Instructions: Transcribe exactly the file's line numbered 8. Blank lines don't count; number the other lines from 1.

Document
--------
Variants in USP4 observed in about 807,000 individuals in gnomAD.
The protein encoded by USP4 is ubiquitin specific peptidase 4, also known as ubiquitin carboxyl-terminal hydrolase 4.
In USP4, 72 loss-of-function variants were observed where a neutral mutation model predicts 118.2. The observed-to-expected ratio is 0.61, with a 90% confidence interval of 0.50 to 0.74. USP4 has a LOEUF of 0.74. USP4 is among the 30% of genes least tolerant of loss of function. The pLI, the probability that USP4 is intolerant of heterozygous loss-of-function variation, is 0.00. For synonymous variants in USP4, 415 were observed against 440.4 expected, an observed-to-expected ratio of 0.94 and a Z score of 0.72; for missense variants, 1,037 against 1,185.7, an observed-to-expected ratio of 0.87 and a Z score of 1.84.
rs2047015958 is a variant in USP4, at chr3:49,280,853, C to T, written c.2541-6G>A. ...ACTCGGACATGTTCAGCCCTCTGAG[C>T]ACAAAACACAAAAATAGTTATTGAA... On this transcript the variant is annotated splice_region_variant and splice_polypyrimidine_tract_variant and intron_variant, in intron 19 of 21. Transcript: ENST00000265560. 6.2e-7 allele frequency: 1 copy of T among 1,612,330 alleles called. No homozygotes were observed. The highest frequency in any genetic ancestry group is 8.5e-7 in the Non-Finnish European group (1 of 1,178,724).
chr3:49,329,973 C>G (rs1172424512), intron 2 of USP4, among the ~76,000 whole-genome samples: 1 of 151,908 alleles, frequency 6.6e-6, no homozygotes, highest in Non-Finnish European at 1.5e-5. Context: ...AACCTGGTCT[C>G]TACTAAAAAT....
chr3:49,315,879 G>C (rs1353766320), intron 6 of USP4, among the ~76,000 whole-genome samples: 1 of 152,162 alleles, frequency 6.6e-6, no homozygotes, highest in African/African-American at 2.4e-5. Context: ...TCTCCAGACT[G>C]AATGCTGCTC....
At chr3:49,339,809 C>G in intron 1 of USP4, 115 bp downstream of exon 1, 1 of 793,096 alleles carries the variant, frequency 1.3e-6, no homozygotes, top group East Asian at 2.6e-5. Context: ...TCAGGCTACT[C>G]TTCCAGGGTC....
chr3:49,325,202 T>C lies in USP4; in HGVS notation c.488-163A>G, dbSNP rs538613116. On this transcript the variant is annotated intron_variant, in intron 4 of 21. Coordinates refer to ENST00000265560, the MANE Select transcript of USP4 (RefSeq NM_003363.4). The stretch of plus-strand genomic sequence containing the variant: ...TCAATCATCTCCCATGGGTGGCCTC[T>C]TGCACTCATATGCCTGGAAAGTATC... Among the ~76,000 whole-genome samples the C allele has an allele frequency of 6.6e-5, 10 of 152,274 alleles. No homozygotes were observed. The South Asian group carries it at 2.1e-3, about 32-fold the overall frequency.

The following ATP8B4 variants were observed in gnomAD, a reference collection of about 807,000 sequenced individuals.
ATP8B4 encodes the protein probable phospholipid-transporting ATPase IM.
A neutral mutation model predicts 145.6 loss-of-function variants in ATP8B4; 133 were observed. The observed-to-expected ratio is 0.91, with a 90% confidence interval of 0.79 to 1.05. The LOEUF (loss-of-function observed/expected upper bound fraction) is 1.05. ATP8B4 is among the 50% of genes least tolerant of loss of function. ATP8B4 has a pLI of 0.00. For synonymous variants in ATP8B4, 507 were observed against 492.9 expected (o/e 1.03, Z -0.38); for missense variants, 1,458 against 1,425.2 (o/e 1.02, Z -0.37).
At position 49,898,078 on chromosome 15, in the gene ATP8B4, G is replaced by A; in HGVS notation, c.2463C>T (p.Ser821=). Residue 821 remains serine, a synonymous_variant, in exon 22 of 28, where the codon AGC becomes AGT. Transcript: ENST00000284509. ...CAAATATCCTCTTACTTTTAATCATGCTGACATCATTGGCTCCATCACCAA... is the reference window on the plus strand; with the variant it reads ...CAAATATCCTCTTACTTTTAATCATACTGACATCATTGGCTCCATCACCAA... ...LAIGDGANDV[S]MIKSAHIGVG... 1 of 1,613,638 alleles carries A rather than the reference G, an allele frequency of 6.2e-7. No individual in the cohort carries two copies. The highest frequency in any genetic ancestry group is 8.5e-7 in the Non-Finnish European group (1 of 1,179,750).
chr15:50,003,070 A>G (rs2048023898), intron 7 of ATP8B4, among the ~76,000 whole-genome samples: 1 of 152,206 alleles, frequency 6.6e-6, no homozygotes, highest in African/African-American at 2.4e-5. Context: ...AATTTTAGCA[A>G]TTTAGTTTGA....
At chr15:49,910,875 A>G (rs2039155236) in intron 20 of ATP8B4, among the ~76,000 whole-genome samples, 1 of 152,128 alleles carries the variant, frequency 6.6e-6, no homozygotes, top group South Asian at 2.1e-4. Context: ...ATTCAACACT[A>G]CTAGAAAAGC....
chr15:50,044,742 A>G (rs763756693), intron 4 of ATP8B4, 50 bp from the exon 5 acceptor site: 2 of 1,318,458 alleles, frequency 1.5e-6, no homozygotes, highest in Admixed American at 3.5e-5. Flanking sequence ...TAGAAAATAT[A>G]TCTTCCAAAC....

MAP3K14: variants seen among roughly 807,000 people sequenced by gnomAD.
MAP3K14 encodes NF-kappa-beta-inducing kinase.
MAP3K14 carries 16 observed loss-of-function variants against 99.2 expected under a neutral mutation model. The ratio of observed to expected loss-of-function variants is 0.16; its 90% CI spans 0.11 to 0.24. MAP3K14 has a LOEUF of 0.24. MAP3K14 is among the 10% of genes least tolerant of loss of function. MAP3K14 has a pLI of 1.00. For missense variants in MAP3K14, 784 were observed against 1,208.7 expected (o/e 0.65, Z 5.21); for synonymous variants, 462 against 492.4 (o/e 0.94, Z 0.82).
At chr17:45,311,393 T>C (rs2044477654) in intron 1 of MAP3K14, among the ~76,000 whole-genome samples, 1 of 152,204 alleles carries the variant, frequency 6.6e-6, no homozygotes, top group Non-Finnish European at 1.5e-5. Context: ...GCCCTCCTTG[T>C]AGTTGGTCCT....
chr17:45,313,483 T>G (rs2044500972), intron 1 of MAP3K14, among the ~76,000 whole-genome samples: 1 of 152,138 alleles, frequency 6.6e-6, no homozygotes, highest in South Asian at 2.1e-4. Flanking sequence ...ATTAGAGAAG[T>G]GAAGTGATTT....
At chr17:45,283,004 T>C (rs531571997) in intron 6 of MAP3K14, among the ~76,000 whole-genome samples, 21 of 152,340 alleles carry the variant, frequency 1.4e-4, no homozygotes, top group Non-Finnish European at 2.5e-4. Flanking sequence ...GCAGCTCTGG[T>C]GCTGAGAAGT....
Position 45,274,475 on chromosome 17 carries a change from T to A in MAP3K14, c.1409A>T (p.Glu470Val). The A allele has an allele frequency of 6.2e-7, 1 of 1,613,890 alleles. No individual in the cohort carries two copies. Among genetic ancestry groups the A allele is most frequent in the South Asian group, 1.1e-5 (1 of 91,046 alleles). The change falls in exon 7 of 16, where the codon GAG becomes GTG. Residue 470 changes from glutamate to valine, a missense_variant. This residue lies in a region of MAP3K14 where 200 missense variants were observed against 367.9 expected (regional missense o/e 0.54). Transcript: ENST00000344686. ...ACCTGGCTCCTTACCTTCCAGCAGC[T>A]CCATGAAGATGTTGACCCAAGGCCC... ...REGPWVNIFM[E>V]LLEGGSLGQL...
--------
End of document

chr3:49,325,202 T>C lies in USP4; in HGVS notation c.488-163A>G, dbSNP rs538613116. On this transcript the variant is annotated intron_variant, in intron 4 of 21. Coordinates refer to ENST00000265560, the MANE Select transcript of USP4 (RefSeq NM_003363.4). The stretch of plus-strand genomic sequence containing the variant: ...TCAATCATCTCCCATGGGTGGCCTC[T>C]TGCACTCATATGCCTGGAAAGTATC... Among the ~76,000 whole-genome samples the C allele has an allele frequency of 6.6e-5, 10 of 152,274 alleles. No homozygotes were observed. The South Asian group carries it at 2.1e-3, about 32-fold the overall frequency.